BUD BENEFIELD, DEPUTY CHIEF, ATLANTA FIRE DEPARTMENT: Eventually, we want to be able to have it readily available.
SCOTT MCCLAIN, CNN CORRESPONDENT (voice-over): In Carol County, just outside of Atlanta, Deputy Chief Bud Benefield is on a mission. They want every first responder to carry Narcan, a nasal spray that reverses the effects of an opioid overdose.
BENEFIELD: Sometimes revived in as little as two to three minutes.
MCCLAIN (on camera): Sounds like a miracle drug.
BENEFIELD (voice-over): It does, it sounds like a miracle drug.
MCCLAIN: But it may not be so miraculous when it comes to the street drugs Fentanyl and U-47700, both on the rise in Georgia and both so strong investigators say a single dose of Narcan may not be enough.
NELLY MILES, SPOKESPERSON, GEORGIA BUREAU OF INVESTIGATION: That's very, very scary.
MCCLAIN: Nelly Miles speaks for the Georgia Bureau of Investigation, which she says has seen some combination of the drugs 50 times this year, causing 17 deaths, the same number as in all of 2016.
[15:50:02] MILES: This crop of synthetic opioids for us, it's unheard of, unprecedented to see these types of concoctions coming into the crime lab here in Georgia.
MCCLAIN: The drugs have all the trappings of fentanyl, an opioid that's often linked to overdoses and deaths. But these next generation drugs are so potent, Miles says even touching them can be deadly.
MILES: They are transdermals, that means they can be absorbed through the skin. If you're not wearing personal protective gear, you can be exposed and at risk.
MCCLAIN: What makes it scarier, they're sometimes pressed into pills meant to look like more common street drugs. Even for drug users, every high is Russian roulette.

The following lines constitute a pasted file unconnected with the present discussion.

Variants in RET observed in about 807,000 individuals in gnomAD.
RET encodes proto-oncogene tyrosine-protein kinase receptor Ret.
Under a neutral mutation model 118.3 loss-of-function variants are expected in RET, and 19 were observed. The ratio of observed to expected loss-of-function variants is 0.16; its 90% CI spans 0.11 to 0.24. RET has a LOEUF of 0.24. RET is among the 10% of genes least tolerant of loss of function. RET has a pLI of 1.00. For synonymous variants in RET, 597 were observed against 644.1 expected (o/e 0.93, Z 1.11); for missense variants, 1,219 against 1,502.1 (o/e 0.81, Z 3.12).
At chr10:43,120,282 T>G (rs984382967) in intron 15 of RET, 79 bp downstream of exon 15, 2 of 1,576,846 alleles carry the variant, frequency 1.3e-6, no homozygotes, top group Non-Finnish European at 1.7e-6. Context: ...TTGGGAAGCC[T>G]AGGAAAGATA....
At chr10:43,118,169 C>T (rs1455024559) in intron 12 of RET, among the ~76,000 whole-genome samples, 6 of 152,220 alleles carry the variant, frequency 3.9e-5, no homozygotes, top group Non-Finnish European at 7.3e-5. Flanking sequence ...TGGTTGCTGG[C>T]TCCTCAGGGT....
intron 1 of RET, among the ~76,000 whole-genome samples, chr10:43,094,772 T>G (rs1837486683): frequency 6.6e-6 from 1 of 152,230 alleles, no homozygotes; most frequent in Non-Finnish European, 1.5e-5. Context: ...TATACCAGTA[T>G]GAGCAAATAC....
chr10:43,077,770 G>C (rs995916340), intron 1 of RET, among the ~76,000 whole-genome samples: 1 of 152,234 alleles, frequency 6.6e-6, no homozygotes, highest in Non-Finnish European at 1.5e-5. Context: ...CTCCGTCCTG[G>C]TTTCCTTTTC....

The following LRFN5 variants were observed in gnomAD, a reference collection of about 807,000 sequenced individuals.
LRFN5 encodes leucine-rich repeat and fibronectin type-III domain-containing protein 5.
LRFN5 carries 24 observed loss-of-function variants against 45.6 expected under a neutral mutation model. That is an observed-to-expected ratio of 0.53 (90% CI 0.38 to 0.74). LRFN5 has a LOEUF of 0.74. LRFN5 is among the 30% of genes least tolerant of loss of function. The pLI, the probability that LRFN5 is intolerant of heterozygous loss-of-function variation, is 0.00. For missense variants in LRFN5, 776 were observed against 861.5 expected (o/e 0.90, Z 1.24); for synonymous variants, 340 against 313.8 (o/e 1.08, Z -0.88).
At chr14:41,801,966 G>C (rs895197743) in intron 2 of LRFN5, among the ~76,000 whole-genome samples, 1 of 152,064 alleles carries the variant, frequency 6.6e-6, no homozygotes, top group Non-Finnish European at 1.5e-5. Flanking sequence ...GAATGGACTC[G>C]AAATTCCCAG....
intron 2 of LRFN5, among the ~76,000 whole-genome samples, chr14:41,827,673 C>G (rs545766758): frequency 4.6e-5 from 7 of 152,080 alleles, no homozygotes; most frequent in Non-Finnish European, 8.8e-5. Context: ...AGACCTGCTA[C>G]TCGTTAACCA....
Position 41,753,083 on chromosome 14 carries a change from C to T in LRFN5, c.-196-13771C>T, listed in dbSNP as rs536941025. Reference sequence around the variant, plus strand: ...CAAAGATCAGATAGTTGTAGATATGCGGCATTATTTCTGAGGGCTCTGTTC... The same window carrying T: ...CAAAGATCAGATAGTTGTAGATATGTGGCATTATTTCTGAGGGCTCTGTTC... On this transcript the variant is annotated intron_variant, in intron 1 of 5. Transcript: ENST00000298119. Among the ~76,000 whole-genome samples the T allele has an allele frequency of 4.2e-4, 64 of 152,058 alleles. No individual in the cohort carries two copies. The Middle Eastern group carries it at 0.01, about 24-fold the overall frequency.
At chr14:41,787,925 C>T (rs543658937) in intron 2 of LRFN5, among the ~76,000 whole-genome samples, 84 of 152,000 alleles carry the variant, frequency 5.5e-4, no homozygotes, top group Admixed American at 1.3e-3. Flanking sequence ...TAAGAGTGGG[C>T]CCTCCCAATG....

MILES: These days you have no idea what you're getting. The moral to the story is just stay away from it all. It's just really out of control.
MCCLAIN: Miles says the drugs are made in China and often come through Mexico before reaching the United States. These drugs are so new that it was just last month that Georgia officially outlawed them. Other states are still catching up.
BENEFIELD: It's becoming a nationwide epidemic.
MCCLAIN: In the meantime, Benefield's mission to expand the use of Narcan is becoming more urgent. He says the opioid problem is only getting worse, not better.
(END VIDEOTAPE) MCCLAIN: And, Ana, the president has long promised to fight back against the opioid epidemic, but that has to do with less funding. A leaked draft budget memo show the Trump administration planning to cut 94 percent of the budget for White House meant to help states fight drug trafficking. Yesterday, the White House did not comment on this directly but they say, generally, they're trying to do more with less. Democrats, meanwhile, call this a cruel betrayal of Trump's campaign promise to help communities affected by the opioid epidemic -- Ana?
CABRERA: Scott McClain, thank you for that report.
Straight head, state showdown. The Republican House bill is set to pose some tough challenges for House candidates going forward. And the governor of Washington State joins us live. Stay with us.